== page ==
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jollyreaper



Joined: 20 Jun 2003
Posts: 181



PostPosted: Wed Jul 02, 2003 2:28 am    Post subject: Reply with quote

Just a few other thoughts on play mechanics:

simpler is better.
The classic example is building repairs. In Dune 2, you pressed a button and spent resources to repair a building. Every game since then requires to to maneuver around an annoying little repair unit. It's cumbersome and the extra complexity adds nothing to the game.

Another variation on this is how one goes about repairing mobile units. Again, every game since Dune 2 uses that repair unit. Dune 2 used a giant transport to nick units out of battle and move them to a repair facility. Perfect way to keep your units intact since the AI wasn't smart enough to retreat them for you and it's easy to lose track of what's going on.

Keep the limitations of your technology in mind when designing.
Dune 2 could not handle pathfinding. Therefore, the levels did not require it. The whole world was flat. Command and Conquer and Warcraft added complex terrain and the pathfinding algorythms never did catch up with it. End result, you pull your hair out when your forces get slaughtered in bottlenecks, columns get stretched out across the screen, and then to top it off, when your line of pokey heavy units comes up to the target, the line leader stops in his tracks the moment he's in range and you get shuffling and confusion behind him as each unit moves a little closer, stops in it's tracks, more shuffling, etc. The first unit is pulverized by the counterfire. In fact, your whole group would have come out better if they moved fully into range as a group, then opened fire. The massed firepower would have taken down the target more qucikly and the closer units would not have suffered as badly as the line leader in the first example.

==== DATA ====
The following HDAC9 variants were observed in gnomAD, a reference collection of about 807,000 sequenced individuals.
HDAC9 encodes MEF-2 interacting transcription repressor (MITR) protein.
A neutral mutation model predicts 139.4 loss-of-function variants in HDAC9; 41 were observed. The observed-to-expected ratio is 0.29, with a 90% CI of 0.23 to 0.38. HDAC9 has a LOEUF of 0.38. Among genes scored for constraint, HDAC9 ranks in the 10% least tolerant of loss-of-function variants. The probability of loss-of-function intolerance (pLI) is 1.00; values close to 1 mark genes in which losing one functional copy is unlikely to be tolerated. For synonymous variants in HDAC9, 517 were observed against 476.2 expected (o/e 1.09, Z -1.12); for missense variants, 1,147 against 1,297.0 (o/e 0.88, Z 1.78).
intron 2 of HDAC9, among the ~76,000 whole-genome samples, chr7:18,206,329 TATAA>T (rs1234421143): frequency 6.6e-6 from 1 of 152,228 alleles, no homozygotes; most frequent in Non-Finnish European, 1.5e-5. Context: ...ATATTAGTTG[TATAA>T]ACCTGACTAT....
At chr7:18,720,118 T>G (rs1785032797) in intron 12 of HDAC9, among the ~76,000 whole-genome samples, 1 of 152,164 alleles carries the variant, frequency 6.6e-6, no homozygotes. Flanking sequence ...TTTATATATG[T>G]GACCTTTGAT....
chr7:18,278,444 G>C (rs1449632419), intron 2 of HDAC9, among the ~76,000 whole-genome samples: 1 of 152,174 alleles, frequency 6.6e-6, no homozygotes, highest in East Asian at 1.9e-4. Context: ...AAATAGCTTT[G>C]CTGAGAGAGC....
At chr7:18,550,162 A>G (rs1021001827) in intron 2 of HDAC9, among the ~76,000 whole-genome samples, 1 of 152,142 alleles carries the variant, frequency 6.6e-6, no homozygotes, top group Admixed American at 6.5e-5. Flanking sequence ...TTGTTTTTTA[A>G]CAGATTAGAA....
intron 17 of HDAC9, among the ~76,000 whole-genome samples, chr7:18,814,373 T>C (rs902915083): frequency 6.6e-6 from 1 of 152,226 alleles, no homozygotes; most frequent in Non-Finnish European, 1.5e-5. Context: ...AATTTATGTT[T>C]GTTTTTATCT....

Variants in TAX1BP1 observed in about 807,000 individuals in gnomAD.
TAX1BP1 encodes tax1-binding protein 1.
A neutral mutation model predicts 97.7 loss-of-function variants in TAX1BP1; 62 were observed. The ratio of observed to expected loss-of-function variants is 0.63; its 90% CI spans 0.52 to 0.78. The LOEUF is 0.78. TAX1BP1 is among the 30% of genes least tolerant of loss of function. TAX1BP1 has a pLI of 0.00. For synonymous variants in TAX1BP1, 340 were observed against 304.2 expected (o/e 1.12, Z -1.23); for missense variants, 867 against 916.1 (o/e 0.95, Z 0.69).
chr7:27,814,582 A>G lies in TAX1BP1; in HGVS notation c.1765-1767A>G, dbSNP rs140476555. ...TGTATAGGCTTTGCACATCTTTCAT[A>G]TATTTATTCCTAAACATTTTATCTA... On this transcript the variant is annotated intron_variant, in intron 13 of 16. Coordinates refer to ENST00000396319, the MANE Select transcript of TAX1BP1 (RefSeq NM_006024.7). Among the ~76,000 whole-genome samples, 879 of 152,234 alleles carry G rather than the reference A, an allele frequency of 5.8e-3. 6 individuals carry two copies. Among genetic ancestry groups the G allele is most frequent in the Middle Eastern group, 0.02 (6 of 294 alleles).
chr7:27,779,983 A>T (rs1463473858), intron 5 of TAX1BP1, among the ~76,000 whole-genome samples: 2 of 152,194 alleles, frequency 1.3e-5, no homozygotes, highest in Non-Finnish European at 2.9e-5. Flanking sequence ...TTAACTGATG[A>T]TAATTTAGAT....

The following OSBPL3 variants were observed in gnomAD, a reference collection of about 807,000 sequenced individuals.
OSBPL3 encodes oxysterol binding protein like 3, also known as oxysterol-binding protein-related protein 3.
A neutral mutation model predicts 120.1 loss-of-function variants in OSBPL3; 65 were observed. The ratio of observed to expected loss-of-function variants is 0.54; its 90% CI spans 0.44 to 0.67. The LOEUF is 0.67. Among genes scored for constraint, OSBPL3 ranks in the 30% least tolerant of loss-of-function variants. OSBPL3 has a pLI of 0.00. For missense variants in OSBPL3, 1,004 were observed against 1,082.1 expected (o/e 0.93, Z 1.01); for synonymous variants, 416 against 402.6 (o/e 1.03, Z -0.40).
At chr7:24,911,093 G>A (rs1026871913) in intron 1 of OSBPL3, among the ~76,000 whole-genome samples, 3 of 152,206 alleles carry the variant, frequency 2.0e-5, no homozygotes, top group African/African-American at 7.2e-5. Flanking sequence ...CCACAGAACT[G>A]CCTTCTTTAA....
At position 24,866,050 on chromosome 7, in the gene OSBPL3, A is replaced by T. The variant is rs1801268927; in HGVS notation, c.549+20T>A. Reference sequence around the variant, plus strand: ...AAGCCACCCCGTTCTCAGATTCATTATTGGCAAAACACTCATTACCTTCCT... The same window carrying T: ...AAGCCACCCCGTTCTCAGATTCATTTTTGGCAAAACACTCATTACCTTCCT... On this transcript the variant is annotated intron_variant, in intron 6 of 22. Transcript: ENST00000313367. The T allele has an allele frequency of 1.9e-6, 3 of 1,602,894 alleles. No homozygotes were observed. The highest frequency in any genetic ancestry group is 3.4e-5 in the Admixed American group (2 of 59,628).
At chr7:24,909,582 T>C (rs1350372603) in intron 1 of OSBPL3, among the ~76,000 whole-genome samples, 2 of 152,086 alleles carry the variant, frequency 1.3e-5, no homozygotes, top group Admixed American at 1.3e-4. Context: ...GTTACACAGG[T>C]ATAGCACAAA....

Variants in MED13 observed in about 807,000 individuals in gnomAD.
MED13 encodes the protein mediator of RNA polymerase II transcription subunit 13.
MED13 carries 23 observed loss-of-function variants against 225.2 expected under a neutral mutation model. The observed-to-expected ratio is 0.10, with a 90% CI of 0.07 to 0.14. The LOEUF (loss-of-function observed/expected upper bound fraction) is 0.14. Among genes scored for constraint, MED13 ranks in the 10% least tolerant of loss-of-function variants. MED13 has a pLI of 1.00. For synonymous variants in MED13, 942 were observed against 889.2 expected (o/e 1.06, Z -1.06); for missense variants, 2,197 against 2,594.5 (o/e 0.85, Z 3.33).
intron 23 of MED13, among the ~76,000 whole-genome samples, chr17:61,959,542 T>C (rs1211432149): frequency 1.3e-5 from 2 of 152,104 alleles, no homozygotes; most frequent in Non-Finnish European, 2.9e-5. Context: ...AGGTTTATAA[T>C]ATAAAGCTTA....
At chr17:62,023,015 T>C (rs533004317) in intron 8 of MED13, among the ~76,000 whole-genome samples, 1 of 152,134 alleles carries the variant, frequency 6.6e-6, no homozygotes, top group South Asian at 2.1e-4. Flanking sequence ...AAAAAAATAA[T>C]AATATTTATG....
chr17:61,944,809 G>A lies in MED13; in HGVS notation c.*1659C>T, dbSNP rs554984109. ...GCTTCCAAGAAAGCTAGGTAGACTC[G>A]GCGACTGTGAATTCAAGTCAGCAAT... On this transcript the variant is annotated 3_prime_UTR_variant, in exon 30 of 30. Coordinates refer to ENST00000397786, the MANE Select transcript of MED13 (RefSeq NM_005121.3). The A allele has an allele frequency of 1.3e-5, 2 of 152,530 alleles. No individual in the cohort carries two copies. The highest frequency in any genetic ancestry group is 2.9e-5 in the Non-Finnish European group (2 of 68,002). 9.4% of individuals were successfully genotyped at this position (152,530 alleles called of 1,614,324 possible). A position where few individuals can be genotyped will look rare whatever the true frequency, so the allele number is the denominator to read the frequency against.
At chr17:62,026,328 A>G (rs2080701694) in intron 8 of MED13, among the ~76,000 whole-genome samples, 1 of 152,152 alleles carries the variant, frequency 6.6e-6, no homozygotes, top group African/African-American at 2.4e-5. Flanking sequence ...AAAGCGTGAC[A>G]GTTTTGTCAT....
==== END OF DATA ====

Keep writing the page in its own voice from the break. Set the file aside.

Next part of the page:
Resist the urge to add "cute" features that don't help the game.